THE availability of outside help for funding building
projects seems to us to be dwindling. Is this true, or is it just
that now that we face the challenge, it looks like a tricky
mountain to climb?
FUND-RAISING from outside sources goes around and comes around
as the years pass. At present, especially with the one-off roofs
and gutters grants this spring, the availability of funds for
essential repair works to the structure of the building, and its
"wind-and-water-tightness", seems positive.
There are a few significant sources in addition to the Heritage
Lottery Fund, although these other sources do not make the
extremely large grants that may come from the HLF.
If your project is about adapting your building, some of the
main sources of the 1990s and 2000s have disappeared, as a result
of the recession; and many of the charitable trusts that were the
most generous lost a great deal of "capital" in the same
For adapting and altering your building, searching for funds is,
to my mind, difficult at present. We are thrown more on to our own
resources than we have been for several decades.
But don't be deterred. Set yourselves incremental targets that
are achievable, and work stage by stage. These incremental targets
may be financially determined, or you could break your building
project into several less challenging projects, each of which will
move you further forward in your church development.
Decide on your leadership for fund-raising - in the church and
in the local area. A committee should have members with a variety
of skills, including a "champion" as well as those with
administrative and organisational skills, and should have six or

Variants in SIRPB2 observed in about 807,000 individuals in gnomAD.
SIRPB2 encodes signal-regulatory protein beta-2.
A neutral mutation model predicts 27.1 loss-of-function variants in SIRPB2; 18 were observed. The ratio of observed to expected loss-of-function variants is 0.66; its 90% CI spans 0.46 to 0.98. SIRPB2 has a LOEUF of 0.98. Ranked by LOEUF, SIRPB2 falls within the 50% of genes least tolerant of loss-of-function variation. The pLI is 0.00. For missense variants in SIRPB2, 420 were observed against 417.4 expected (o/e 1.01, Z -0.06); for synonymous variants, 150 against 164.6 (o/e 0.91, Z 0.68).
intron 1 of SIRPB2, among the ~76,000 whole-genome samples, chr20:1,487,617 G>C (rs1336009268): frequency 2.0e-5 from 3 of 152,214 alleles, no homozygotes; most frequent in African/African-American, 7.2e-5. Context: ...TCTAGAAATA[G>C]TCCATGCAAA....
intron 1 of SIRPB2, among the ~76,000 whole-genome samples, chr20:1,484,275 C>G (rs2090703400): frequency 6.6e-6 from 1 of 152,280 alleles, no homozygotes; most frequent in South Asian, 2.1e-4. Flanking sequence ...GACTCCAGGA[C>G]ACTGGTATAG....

seven members. Make this committee a time-limited one; members will
need to chase seemingly impossible targets, and will not want to
continue for too long.
With a relatively short lead-in, it will become the committee's
task to draw in everyone in the church to take responsibility for
earning, gathering, celebrating, and having fun until all the money
is raised. The responsibility must belong to everyone, or, again,
you will wear out your most faithful few.
After a period of drawing in church members, fund-raising events
that target members of the congregation can begin, and every member
can be thinking of small and large ways to engage in
The next stage is to develop activities that will draw in a
wider catchment: people who want a challenge, or family events, or
festivals and sponsored events. The list can be endless, but the
success will depend on choosing activities and events that the
congregation and people in the area will buy into; and challenges
that people will enjoy whether or not they are churchgoers.
I think the committee should not even try to organise, run, or
co-ordinate the small events, such as coffee mornings and cake
sales, but should concentrate instead on the larger occasions that
take well-constructed publicity and a team of people to make the
Above all, the church is a community of volunteers, and no one
should feel dragged down by fund-raising. Here, the committee has
its most significant part to play: the magic is to inspire everyone
to go an extra mile willingly and happily. Don't forget that good
organisers - even volunteer ones - get a kick out of a job well
done. Communication throughout the church to create an environment
of inspiring challenge is the key.
Send issues and questions to maggie